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Congo Says It Won't Approve Zijin, China Fund's Bid for Platmin
May 10,2010 14:59CST
industry news

May 10 (Bloomberg) -- The Democratic Republic of Congo said it won't approve a $284 million bid by China's Zijin Mining Group Co. and CAD Fund to buy copper mine developer Platmin Congo because it violates regulations.

The offer is "in violation of applicable regulations," Alexis Mikandji Penge, the chief of staff for the minister of mining, said in an e-mailed statement. "As a result, it has no effect in the Democratic Republic of Congo."

Zijin, China's largest gold producer, and Chinese state- backed CAD are buying Platmin Congo to get hold of assets including stakes in two copper-cobalt projects. The U.S. last month asked Congo to improve its business climate after a Freeport McMoRan Copper & Gold Inc.'s project was in dispute for two-and-a-half years.

"Benefits to Zijin are almost negligible in the next three years, given their plan to start production in 2013 and the huge political risk in Congo," said Owen Liang, an analyst at Guotai Junan Securities Co.

The Central African nation has one of the worst business climates, according to the World Bank's 2010 Doing Business guide. Congo ranks 182nd out of 183 countries on the list.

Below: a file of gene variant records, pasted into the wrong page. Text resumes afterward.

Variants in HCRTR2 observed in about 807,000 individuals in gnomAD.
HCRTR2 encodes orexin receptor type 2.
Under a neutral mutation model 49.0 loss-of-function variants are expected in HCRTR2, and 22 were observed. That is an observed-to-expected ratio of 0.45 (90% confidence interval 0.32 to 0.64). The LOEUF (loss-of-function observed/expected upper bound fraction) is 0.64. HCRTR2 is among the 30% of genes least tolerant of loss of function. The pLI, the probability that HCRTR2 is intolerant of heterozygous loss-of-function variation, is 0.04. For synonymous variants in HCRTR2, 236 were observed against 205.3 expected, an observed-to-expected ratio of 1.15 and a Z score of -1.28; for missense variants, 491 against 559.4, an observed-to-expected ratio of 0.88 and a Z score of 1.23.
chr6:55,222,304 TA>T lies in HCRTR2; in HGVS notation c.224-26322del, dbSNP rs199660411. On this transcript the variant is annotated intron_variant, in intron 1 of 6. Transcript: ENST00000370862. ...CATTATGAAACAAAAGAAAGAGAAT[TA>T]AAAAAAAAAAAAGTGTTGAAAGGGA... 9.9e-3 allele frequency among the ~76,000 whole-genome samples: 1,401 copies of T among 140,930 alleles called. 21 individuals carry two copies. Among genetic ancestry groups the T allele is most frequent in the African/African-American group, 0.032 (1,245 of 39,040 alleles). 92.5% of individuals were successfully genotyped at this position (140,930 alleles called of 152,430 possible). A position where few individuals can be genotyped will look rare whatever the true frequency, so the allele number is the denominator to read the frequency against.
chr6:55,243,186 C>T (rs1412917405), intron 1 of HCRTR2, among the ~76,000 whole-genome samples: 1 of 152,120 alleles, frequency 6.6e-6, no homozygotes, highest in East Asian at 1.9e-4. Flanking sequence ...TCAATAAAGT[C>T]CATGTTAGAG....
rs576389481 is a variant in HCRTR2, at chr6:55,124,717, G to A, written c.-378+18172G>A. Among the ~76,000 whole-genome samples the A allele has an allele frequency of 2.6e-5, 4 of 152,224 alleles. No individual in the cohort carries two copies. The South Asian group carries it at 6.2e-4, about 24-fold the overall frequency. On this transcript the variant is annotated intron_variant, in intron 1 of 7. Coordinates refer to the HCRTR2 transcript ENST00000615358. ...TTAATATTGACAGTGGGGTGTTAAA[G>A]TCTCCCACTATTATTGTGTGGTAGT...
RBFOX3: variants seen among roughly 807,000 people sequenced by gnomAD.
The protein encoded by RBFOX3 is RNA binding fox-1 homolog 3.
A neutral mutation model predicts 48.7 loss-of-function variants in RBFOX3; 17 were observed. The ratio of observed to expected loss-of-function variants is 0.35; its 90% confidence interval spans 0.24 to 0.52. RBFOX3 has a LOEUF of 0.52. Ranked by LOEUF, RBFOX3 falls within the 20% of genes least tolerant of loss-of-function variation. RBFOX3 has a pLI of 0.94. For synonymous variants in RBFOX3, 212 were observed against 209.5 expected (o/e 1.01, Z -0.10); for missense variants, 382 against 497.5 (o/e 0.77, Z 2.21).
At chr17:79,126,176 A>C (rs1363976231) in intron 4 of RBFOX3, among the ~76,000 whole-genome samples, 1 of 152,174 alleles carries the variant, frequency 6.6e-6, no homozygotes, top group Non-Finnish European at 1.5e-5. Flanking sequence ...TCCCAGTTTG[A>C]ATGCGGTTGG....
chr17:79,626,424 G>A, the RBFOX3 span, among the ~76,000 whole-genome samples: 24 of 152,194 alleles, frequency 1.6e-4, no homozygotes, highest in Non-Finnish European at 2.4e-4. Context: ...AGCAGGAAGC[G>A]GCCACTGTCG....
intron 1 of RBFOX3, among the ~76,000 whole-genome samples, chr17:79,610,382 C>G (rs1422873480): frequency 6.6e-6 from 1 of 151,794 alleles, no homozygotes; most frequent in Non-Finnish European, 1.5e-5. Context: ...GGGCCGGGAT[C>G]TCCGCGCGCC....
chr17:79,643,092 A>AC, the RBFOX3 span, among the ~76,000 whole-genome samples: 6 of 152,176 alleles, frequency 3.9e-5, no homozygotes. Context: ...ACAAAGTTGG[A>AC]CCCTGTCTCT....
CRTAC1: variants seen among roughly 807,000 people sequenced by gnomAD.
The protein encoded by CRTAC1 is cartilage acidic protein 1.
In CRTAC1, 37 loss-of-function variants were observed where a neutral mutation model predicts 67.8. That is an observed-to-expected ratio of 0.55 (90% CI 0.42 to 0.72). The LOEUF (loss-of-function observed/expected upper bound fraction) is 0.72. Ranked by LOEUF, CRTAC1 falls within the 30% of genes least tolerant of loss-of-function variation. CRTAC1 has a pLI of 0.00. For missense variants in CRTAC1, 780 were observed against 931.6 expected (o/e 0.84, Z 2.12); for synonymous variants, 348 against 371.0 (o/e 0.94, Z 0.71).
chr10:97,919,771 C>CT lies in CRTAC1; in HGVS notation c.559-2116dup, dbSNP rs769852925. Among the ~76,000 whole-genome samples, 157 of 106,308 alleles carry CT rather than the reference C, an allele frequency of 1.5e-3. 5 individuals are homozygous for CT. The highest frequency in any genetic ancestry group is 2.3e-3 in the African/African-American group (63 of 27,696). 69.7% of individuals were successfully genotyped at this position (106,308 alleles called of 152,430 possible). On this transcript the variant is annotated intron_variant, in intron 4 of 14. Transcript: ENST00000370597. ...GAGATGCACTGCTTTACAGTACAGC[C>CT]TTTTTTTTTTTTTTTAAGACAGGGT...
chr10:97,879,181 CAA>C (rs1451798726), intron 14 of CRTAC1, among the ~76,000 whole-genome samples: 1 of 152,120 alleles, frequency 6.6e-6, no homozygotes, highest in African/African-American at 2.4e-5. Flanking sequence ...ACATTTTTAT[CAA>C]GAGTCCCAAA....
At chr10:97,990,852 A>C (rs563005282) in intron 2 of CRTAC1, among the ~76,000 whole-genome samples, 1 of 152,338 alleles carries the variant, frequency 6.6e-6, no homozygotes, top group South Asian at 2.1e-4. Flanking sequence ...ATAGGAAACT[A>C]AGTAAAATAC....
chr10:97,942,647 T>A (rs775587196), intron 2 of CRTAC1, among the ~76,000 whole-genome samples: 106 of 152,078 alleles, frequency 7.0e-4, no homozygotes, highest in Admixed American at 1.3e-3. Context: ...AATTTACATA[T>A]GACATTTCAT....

"The Minister of Mines of the Democratic Republic of Congo denounces and disapproves of the transaction between the Platmin and Zijin companies," the e-mail statement said.

The opposition is another setback to Zijin's expansion plans, as the company seeks two major overseas acquisitions this year to increase reserves. Zijin is still waiting for Chinese regulatory approval for a A$545 million ($492 million) takeover of Australia's Indophil Resources NL to gain a stake in Southeast Asia's largest untapped copper and gold deposit.

Approval Uncertainty

Zhao Jugang, head of board secretary office at Zijin, couldn't immediately be reached for a comment. The company in its May 7 statement announcing the acquisition had said "there is uncertainty in obtaining" approvals from the two governments.

Zijin will own 60 percent of a venture controlling the assets, with CAD having the rest. CAD, invested in by the China Development Bank Corp., has an initial capital of $1 billion and aims to support Chinese companies in African investments, according to Zijin's statement.

"While the acquisition is pending for approvals from both the Congo and Chinese governments, we view it as a reflection of Zijin's persistent efforts in seeking new growth drivers," Credit Suisse Group AG analysts including Trina Chen said today. The acquisition may boost Zijin's earnings before interest, taxes, depreciation and amortization by 6 percent after 2013, the analysts wrote.

Congo holds 4 percent of global copper reserves, is among the world's largest producers of cobalt and industrial diamonds, and is Africa's largest producer of tin ore, according to the U.S. Geological Survey.

copper Cu
Zijin Mining Group

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